Hardly Strictly Bluegrass Festival Journal, 10/03/09

by Dakin Hardwick on October 4, 2009

So, this is the kind of crowd you get to see a retired amusement park employee play banjo? San Franciscans are weird...

So, this is the kind of crowd you get to see a retired amusement park employee play banjo? San Franciscans are weird...

The Hardly Strictly Bluegrass festival is different than most music festivals in several ways. The best thing about it is that it’s free. That might also be it’s biggest downfall, as well. It attracts a lot of people that normally don’t go to shows. The crowd veers a bit older, and they tend to prefer to bring lawn chairs and stay in one place. If you really want to get up close and personal with a big act, you essesntially have to get there at the crack of dawn, stake a place, and hang out. If you go to the show thinking that you can jump stages and get a good spot for everyone, you are really out of luck. The best way to enjoy this festival is to drop most expectations of actually seeing the performer, and jump between stages freely, taking an the smorgasboard of music in little sample sizes. You will end up with a much more eclectic palate, and you will have a much better time.

So, the first act I saw was:

Jon Langford & The Sadies perform Australian Aboriginal Country & Western Songs

Jon Langford is the kind of guy whose legend runs pretty deep in the alt.country circles, coming from the Welsh punk band The Mekons, and later forming The Waco Brothers and the classic alt.country label Bloodshot Records. He wasn’t suppossed to play the show, but Roger Knox, who was set to play some traditional Australian country music got his visa denied, so Langford got The Sadies (in town to back up John Doe the next evening) to do the same set with him. Since I don’t know the songs, and these were punkers playing the music, it was a set of old fashioned cow punk. I enjoyed it, but no songs jumped out at me. Not bad for a hastily put together project, though.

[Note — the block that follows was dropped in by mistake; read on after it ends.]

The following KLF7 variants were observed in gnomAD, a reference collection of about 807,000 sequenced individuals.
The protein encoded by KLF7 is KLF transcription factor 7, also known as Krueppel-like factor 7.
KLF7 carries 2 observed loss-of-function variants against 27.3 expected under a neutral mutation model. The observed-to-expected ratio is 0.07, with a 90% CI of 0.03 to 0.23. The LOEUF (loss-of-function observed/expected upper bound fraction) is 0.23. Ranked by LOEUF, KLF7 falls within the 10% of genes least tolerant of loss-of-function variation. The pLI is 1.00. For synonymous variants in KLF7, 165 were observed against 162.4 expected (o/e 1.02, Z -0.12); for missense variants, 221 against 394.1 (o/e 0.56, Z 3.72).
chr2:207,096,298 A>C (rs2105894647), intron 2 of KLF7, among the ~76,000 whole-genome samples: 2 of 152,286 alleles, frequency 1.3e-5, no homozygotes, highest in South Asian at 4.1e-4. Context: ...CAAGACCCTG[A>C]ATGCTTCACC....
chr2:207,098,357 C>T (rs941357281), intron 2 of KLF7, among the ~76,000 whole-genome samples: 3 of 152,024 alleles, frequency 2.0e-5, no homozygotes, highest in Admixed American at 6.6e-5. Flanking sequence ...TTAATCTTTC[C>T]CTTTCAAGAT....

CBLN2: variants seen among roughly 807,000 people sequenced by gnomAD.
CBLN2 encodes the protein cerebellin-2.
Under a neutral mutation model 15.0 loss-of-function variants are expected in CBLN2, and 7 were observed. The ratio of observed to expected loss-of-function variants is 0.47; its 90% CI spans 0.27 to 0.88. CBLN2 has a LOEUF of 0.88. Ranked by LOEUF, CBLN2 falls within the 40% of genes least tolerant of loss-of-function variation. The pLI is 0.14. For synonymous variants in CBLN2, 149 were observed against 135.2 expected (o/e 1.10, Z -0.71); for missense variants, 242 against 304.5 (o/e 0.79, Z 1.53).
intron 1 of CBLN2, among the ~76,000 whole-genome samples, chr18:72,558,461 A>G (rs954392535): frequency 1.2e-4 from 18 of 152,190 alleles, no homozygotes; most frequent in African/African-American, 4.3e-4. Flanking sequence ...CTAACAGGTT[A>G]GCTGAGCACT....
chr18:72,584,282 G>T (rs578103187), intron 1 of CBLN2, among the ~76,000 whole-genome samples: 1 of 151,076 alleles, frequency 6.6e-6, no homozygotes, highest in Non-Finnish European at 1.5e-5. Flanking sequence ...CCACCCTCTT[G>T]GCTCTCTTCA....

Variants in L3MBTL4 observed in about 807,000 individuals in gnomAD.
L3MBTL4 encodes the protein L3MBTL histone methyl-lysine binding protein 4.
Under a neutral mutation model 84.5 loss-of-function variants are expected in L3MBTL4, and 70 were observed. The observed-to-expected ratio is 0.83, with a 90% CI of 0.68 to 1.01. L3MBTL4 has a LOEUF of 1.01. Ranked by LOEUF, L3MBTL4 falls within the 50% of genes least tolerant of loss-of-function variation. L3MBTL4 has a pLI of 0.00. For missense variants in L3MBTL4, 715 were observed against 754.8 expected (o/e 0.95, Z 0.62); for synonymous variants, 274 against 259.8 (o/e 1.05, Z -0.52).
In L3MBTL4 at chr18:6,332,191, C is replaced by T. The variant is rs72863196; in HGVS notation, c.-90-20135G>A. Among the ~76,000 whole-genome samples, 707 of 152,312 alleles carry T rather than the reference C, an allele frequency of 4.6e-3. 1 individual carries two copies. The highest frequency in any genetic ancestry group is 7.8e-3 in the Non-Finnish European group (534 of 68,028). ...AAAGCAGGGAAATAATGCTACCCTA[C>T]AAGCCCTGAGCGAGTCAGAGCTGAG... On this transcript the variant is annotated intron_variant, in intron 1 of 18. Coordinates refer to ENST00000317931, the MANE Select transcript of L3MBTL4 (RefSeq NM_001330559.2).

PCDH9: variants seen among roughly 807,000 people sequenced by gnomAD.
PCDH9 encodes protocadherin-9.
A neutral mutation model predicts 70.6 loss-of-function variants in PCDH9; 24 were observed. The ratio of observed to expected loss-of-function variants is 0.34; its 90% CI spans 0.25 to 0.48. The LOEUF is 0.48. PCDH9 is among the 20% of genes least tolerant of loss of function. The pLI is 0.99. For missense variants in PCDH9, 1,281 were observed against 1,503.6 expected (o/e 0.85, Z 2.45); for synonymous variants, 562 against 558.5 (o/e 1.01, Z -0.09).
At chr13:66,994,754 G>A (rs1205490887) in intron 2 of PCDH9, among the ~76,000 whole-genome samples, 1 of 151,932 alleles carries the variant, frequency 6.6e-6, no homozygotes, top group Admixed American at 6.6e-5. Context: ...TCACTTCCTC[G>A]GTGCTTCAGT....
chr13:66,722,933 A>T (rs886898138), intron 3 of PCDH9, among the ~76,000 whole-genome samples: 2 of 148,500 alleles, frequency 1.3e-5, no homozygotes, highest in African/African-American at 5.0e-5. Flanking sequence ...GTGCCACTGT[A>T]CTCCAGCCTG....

Okkervil River


Okkervil River played around the corner from Langford & The Sadies right afterwards. They play here an awful lot, generally as an opening act or on a festival such as this. They always sound good, but they’ve been playing the same show for two years straight now. Most of the songs were from the last two records, and, well, it’s time for some new material. Good set, but I just would like to hear something else.  There was a pretty awesome moment when Will Sheff’s mic stand broke, and he kept singing while his mic slowly fell to the floor, not missing a note on his guitar. The keyboardist popped out to fix in, and the the set went on without another hitch.

Steve Martin with The Steep Canyon Rangers

This was the biggest draw of the day. It was also one of the hardest things to actually see. Speedway Meadow was filled with people there to see the great Steve Martin in a rare public performance. His current record of original bluegrass tunes is very good, but not the type of thing that would normally bring out a bigger crowd than Pearl Jam.

We found a spot to the where the sound was good, but visibility was nill. He may have been wearing a white suit with a pork pie hat, but I really don’t know. What I do know is that he is a good musician, and still funny. Not stand up comedian funny, but musician funny, which at times can be a bit funnier. He introduced a song by saying,”All of these songs are originals. I wrote them, and I always write directly from personal experiences. This next song is titled My Masseuse Is Too Chatty.”

He was entertaining, but it was getting kind of uncomfortable to stay put. So, after five songs, it was time to move on.

Old 97’s


The Old 97’s set was the most amplified set of the day. They played louder and harder than usual, and made it a point to get the folks in lawn chairs up and dancing. Rhett Miller’s strumming arm moves at a pace that no human should be able to do. It looks like his right arm might be double jointed. People seemed to like what they heard, and the crowd swelled.